WHEREAS, VRG, in its profile capacity on the behalf of its assignments for LENDER, in its Appraisal, Liquidation, and Profile (Services), will acquire certain confidential and proprietary information, including any trade secrets, pricing information, marketing materials, customer lists, product and service specifications, and financial data that derives economic value, actual or potential, from not being readily known to other persons who can obtain economic benefit from its use (the “Confidential Information”);

WHEREAS, LENDER agrees to facilitate the Services and VRG agrees to facilitate its Services and agrees to protect any of LENDER’s clients’ confidential information;

WHEREAS, LENDER and VRG enter into this Agreement in order to set forth the terms and conditions under which any LENDER client shall furnish and disclose to VRG the Confidential Information solely in connection with conducting the Service.

NOW, THEREFORE, in order to induce an LENDER client to make the Confidential Information available to VRG, and in consideration of an LENDER client’s agreement to disclose the Confidential Information to VRG, VRG hereby irrevocably agrees with LENDER as follows:

  1. Use of Information. For the purposes of conducting the Service, it is desirable for VRG to have access to the Confidential Information.
  1. Disclosure of Information. Without LENDER client’s prior written approval, VRG will not at any time disclose any Confidential Information to any person, firm, or entity other than authorized representatives of the Receiving Party (“Authorized Representatives”). As used herein, the term “Authorized Representatives” shall include officers, directors, or employees of VRG and VRG’s legal counsel, consultants, representatives, and independent accountants.
  1. Use of Information. Without LENDER client’s prior written approval, VRG will not at any time use any of the Confidential Information or permit the use of the Confidential Information for any reason or purpose other than for the Profile.
  2. Duration of Restriction. Unless otherwise agreed to in writing by LENDER for a period of five (5) years from the Effective Date, VRG shall treat as confidential and shall not use, disclose, or otherwise make available any Confidential Information of a LENDER client to any person other than Authorized Representatives of VRG who have a need to know such Confidential Information.
  1. Standard of Care. VRG shall instruct its Authorized Representatives and any employees, attorneys, consultants, and other affiliates of any of the Authorized Representatives who have access to the Confidential Information to keep the same confidence by using at least the same care and discretion that either LENDER or VRG uses with respect to its own confidential information and trade secrets. All copies, reproductions, disclosures, summaries, and distributions of Confidential Information shall contain and state the same confidential or proprietary notices or legends, if any, that appear on the original. The Receiving Party agrees to reasonably segregate all tangible forms of Confidential Information from the confidential materials of others.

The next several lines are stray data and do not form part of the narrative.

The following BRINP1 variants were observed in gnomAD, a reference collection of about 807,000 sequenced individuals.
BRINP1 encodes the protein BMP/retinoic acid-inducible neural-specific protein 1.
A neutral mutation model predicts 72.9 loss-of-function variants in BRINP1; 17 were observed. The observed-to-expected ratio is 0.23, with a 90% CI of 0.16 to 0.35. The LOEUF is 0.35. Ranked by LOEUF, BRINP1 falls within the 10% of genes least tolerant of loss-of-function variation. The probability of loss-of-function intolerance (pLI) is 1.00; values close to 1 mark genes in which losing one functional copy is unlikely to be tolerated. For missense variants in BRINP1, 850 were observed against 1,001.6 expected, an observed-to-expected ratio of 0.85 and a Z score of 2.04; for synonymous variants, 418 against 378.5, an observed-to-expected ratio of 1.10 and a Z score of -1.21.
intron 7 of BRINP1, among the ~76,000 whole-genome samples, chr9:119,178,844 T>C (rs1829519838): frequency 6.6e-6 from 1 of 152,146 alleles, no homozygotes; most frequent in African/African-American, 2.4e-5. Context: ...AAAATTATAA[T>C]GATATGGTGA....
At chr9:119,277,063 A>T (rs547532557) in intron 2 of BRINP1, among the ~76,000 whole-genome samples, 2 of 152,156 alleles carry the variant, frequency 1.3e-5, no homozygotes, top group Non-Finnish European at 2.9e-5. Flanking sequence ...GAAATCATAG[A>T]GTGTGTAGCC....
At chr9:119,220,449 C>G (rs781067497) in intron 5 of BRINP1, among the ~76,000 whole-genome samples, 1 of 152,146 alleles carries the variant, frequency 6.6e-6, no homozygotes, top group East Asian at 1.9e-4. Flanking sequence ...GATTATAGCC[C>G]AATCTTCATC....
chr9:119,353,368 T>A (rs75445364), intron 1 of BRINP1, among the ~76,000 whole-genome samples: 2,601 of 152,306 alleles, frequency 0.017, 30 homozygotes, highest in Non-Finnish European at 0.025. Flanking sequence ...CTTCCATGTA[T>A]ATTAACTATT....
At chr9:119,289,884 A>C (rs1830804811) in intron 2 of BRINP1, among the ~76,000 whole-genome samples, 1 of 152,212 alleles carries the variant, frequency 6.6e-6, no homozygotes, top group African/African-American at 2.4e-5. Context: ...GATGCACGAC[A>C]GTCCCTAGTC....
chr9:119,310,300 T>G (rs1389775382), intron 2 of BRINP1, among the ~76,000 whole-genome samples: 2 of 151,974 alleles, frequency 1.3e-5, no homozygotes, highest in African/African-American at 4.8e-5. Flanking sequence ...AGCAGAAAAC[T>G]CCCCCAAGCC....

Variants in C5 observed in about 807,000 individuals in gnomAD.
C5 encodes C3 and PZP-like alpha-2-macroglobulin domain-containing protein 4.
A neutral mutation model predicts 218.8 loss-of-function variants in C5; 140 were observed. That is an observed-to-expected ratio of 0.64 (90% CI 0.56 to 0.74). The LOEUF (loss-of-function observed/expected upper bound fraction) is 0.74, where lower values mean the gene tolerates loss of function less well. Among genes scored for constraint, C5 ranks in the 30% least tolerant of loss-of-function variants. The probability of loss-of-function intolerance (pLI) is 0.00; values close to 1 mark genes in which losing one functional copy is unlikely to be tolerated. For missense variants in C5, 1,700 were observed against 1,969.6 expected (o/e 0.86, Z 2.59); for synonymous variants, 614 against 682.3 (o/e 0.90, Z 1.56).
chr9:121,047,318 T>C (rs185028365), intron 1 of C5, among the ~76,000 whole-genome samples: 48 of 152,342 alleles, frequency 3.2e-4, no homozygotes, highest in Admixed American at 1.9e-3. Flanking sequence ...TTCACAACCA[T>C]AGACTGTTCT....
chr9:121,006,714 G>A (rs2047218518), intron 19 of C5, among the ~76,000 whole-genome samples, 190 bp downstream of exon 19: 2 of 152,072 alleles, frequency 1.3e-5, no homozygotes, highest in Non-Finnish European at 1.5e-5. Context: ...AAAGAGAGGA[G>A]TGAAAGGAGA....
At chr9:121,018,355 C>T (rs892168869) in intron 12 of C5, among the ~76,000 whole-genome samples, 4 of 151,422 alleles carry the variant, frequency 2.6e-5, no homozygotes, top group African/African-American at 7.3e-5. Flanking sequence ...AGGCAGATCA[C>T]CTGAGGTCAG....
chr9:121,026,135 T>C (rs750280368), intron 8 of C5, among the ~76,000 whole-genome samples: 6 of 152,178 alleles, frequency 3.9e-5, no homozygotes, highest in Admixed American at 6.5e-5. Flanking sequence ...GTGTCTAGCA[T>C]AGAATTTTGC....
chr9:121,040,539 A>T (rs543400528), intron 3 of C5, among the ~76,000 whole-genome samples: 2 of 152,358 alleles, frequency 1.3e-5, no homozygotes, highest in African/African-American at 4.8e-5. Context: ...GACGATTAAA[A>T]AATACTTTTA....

1. Unauthorized Use or Disclosure. The Receiving Party shall notify VRG immediately upon discovery of any material unauthorized use or disclosure of Confidential Information and shall reasonably cooperate with VRG to regain possession of the Confidential Information and prevent its further unauthorized use.
  1. This Agreement creates a relationship of trust and confidence between LENDER and VRG and will be construed and enforced accordingly. If VRG or any Authorized Representatives breach or threaten to breach any provision hereof, this Agreement may be enforced by LENDER in an action for damages or injunctive relief, or both, it being recognized and agreed by VRG that LENDER’s remedies at law may be inadequate under the circumstances.
  1. Rebuttal of Implied License. Nothing in this Agreement shall be deemed to constitute an implied license in favor of VRG Party of Confidential Information or of any other intellectual property or proprietary rights of LENDER.
  1. The confidentiality provisions of this Agreement shall not apply to the following: (i) Confidential Information already known by VRG without an obligation of confidentiality; (ii) Confidential Information that is or becomes publicly known; (iii) Confidential Information rightfully received by VRG from a third party who is under no obligation of confidence to LENDER (iv) Confidential Information that LENDER has disclosed to other parties without similar obligations of confidentiality; (v) Confidential Information that VRG is required to disclose pursuant to an order of a governmental agency or court of competent jurisdiction, provided that VRG gives LENDER prompt written notice of such request and that VRG only discloses that portion of the Confidential Information which, in the opinion of VRG’s counsel, VRG is compelled to disclose; and (vi) information that is communicated to a third party with the express written consent of LENDER.

(i)         In the event any provisions hereof shall be modified or held ineffective by any Court in any respect, such adjudication shall not invalidate or render ineffective the balance of the provisions hereof, and the provisions hereof shall be enforced to the maximum extent allowed by law.

(ii)         This Agreement shall be governed by the laws of the State of Texas and shall be enforceable in Dallas County, Texas.

(iii)        This Agreement shall be binding upon and inure to the benefit of the parties hereto and their respective successors and assigns.